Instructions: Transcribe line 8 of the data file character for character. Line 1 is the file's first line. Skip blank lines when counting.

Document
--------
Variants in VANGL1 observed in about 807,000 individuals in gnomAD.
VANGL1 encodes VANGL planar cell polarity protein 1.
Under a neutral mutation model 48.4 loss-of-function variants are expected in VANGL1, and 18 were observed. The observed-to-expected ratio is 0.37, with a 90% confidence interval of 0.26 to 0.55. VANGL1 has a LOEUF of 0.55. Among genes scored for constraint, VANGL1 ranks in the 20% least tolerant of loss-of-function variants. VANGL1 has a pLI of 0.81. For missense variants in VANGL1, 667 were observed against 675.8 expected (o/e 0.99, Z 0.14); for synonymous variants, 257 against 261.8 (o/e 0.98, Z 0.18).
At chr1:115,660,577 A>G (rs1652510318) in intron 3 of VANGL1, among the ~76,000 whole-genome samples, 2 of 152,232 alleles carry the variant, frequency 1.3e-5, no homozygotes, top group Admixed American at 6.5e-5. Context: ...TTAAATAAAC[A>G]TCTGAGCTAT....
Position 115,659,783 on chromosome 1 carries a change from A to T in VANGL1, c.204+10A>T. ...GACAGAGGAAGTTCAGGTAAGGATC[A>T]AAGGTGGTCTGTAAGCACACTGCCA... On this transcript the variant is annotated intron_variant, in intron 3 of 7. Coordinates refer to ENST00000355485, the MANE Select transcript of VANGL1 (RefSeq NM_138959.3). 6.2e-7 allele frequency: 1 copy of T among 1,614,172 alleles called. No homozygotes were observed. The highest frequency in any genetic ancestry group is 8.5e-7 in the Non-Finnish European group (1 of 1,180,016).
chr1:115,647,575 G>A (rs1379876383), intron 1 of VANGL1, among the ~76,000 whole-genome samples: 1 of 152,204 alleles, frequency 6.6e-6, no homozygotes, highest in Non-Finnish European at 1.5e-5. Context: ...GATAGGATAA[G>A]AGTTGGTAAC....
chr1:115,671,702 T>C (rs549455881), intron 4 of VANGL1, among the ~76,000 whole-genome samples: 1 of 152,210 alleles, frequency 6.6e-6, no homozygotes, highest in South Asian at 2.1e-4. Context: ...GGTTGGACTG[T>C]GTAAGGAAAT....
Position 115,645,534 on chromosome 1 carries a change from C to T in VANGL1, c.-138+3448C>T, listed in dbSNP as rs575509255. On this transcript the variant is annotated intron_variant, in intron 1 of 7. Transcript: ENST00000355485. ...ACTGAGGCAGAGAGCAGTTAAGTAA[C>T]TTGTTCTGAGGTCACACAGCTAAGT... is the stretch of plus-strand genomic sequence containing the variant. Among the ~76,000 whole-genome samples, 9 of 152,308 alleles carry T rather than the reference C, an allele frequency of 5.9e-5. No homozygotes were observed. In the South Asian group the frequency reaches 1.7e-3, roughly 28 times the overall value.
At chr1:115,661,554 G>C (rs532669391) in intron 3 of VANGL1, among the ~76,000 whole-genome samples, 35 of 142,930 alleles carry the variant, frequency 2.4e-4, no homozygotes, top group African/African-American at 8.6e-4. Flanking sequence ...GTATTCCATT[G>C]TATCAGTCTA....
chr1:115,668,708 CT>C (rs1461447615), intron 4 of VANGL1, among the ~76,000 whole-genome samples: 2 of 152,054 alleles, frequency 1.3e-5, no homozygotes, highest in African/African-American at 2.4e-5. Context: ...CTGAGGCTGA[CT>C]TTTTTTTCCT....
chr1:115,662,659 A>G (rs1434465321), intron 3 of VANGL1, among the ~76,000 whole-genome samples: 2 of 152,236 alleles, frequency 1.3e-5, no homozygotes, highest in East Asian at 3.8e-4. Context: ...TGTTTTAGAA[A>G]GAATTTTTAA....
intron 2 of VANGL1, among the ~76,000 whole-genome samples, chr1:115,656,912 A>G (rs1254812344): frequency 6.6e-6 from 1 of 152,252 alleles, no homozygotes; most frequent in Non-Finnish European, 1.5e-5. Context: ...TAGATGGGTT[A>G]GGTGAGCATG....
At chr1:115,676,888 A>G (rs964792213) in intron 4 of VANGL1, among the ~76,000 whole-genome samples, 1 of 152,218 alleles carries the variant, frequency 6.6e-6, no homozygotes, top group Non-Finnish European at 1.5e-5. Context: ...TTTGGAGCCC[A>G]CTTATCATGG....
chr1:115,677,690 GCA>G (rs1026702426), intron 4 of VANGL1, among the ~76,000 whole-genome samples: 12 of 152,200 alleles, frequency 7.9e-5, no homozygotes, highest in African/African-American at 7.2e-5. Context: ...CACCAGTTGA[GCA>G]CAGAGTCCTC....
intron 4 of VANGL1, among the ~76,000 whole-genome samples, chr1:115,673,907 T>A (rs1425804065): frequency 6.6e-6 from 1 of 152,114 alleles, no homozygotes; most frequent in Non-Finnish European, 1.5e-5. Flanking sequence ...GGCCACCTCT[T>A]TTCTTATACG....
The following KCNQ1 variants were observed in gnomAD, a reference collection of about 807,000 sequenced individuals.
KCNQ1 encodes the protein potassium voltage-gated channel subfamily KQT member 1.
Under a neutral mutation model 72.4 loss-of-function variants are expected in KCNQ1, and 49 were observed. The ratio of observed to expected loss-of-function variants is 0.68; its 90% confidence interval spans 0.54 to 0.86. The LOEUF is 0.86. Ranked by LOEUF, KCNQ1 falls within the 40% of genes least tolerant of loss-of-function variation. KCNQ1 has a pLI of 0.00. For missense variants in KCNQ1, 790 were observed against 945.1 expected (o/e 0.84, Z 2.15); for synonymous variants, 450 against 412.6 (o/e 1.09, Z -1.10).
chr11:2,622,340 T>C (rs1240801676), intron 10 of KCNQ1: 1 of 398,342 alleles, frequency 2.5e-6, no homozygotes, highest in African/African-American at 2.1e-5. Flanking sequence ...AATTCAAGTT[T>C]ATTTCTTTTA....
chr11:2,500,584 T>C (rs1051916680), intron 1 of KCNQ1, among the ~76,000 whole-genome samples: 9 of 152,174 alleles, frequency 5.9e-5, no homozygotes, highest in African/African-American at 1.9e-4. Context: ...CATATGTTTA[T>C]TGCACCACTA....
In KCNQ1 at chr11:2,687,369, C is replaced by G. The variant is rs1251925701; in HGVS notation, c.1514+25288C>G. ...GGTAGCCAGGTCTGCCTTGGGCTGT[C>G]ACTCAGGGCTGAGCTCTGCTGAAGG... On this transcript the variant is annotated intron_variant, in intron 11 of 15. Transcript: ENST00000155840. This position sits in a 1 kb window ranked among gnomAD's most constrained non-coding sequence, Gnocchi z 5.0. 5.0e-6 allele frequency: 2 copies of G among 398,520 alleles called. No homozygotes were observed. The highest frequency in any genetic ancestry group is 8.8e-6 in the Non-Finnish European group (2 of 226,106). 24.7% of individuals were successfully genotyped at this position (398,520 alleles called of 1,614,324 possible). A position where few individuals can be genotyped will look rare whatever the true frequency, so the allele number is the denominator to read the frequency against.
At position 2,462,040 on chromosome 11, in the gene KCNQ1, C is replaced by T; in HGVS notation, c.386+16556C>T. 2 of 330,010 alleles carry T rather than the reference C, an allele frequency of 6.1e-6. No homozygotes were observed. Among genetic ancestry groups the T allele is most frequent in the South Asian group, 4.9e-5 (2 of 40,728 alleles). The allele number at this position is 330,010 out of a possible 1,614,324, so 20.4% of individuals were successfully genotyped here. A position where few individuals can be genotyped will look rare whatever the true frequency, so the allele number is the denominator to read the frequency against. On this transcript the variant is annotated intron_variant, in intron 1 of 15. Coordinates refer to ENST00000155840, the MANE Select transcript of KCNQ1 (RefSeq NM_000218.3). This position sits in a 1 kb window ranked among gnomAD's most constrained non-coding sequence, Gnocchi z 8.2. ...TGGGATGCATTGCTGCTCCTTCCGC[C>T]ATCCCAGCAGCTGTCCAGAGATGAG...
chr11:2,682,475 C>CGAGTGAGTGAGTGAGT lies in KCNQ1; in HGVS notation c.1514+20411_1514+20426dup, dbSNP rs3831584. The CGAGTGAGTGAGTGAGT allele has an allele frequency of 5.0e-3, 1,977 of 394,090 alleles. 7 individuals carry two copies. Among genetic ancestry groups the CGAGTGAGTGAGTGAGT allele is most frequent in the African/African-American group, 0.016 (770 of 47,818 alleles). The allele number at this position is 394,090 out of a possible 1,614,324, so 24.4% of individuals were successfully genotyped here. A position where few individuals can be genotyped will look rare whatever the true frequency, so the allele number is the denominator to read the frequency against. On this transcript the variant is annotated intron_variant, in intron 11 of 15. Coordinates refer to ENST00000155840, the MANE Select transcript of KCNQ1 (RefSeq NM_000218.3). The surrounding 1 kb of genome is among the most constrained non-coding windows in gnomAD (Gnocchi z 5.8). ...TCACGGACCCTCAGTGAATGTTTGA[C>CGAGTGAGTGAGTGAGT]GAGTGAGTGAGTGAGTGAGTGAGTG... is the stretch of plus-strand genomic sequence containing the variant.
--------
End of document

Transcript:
Position 115,645,534 on chromosome 1 carries a change from C to T in VANGL1, c.-138+3448C>T, listed in dbSNP as rs575509255. On this transcript the variant is annotated intron_variant, in intron 1 of 7. Transcript: ENST00000355485. ...ACTGAGGCAGAGAGCAGTTAAGTAA[C>T]TTGTTCTGAGGTCACACAGCTAAGT... is the stretch of plus-strand genomic sequence containing the variant. Among the ~76,000 whole-genome samples, 9 of 152,308 alleles carry T rather than the reference C, an allele frequency of 5.9e-5. No homozygotes were observed. In the South Asian group the frequency reaches 1.7e-3, roughly 28 times the overall value.